Former Philadelphia Mayor Michael Nutter has been hired on as a “senior advisor and consultant” for Green Leaf Medical, a New Jersey company that is looking to open a 50,000 square foot cannabis production facility and dispensary in Gloucester City’s Southport waterfront area. 

The announcement surprised some who remember Nutter’s initially vehement resistance to a marijuana decriminalization measure that he eventually wound up signing into law. The Philadelphia Inquirer reports that the measure resulted in a 60 percent drop in marijuana possession arrests. 

But despite his perceived opposition to cannabis legalization while he served his two terms in the mayor’s office, Michael Nutter says that his one-time opposition to decriminalization was due to the fact that he actually wanted to go further when it came to cannabis access. 

“I was not opposed to decriminalizing marijuana,” he recently told a local news site. “The issue I was raising was I wanted us to do more than decriminalizing marijuana. This is medical cannabis, something that is obviously prescribed and it is legally allowed in New Jersey.”

Green Leaf Medical is one of three companies gunning for a Glouchester City marijuana license, and is competing against DEVI Holdings LLC and 57 Star LLC. It currently has operations in four states, with six facilities in total. The former Philly mayor will reportedly be working on community relations on outreach for the company.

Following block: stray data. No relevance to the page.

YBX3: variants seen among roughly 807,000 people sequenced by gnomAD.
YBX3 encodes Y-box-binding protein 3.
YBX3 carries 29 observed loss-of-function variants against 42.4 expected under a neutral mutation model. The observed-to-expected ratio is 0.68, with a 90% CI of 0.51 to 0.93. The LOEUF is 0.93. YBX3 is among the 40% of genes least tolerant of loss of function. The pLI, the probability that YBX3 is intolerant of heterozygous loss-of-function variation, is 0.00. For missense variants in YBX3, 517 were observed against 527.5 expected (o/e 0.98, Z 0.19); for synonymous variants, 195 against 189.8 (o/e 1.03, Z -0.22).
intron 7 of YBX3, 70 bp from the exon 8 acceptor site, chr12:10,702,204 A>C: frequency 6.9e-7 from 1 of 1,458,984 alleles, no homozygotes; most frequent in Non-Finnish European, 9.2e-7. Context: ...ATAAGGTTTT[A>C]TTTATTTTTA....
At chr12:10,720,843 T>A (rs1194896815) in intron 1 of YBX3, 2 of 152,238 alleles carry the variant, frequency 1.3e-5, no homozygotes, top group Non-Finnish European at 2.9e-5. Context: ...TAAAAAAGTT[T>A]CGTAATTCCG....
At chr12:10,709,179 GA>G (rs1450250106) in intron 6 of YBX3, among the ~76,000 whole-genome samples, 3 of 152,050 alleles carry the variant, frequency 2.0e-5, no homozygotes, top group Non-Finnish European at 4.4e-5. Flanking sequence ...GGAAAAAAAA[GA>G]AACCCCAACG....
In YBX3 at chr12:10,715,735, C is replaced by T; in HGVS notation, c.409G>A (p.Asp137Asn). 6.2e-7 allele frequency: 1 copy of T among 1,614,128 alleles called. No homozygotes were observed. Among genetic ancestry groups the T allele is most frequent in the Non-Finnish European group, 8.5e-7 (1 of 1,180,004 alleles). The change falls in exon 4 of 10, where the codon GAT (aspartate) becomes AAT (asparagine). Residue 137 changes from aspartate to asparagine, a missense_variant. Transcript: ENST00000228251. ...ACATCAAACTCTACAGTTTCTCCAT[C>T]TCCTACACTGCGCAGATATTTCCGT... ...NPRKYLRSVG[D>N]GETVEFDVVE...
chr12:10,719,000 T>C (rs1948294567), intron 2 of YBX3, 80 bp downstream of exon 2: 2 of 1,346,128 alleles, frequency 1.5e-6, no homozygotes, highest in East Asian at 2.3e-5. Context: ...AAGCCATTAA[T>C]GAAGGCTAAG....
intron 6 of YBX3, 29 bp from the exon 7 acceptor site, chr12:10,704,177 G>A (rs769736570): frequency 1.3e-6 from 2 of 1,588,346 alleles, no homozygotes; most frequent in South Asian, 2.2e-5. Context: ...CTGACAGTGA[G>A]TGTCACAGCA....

Michael Nutter’s Journey From Politics to Pot

Nutter was a member of the Philadelphia City Council for almost 15 years before he was elected mayor, and while serving in Philly’s highest office, from 2008 to 2015, he made reducing violent crime, promoting local businesses, and bolstering the country’s first bike share program designed for low income individuals. 

This is far from the only consulting gig he’s held since then. His visiting scholar profile at University of Pennsylvania lists 17 organizations he has advised, including the Department of Homeland Security, Airbnb, and JP Morgan Chase. 

Getting involved in the cannabis industry, Nutter said, is an extension of his civic concern, and speaks to some of his original reasons for becoming active in public policy. “One of the reasons I got into politics was to help people,” he commented. “This is just a different way of being involved.”

Green Leaf executives say that he’s being brought on not only for his influence, but also his impeccable motivation. “If you look at his track record, it’s very impressive,” says CEO Phil Goldber. “He has done some amazing things. His heart is in the right place. If he only had star power we wouldn’t have asked him to join the team.”

As Pennsylvania looks to expand its medical marijuana industry, there is also a bill in the state senate that would make adult use cannabis legal. SB 350 was proposed by two Democrats earlier this month. The bill would call for blanket expungements of past cannabis-related criminal convictions, and would limit the involvement of out of state marijuana companies to ensure priority placement for local companies. Governor Tom Wolf has called for a “serious debate” about the legalization of recreational cannabis, and recommended to state legislators that they pass decriminalization and expungement measures.

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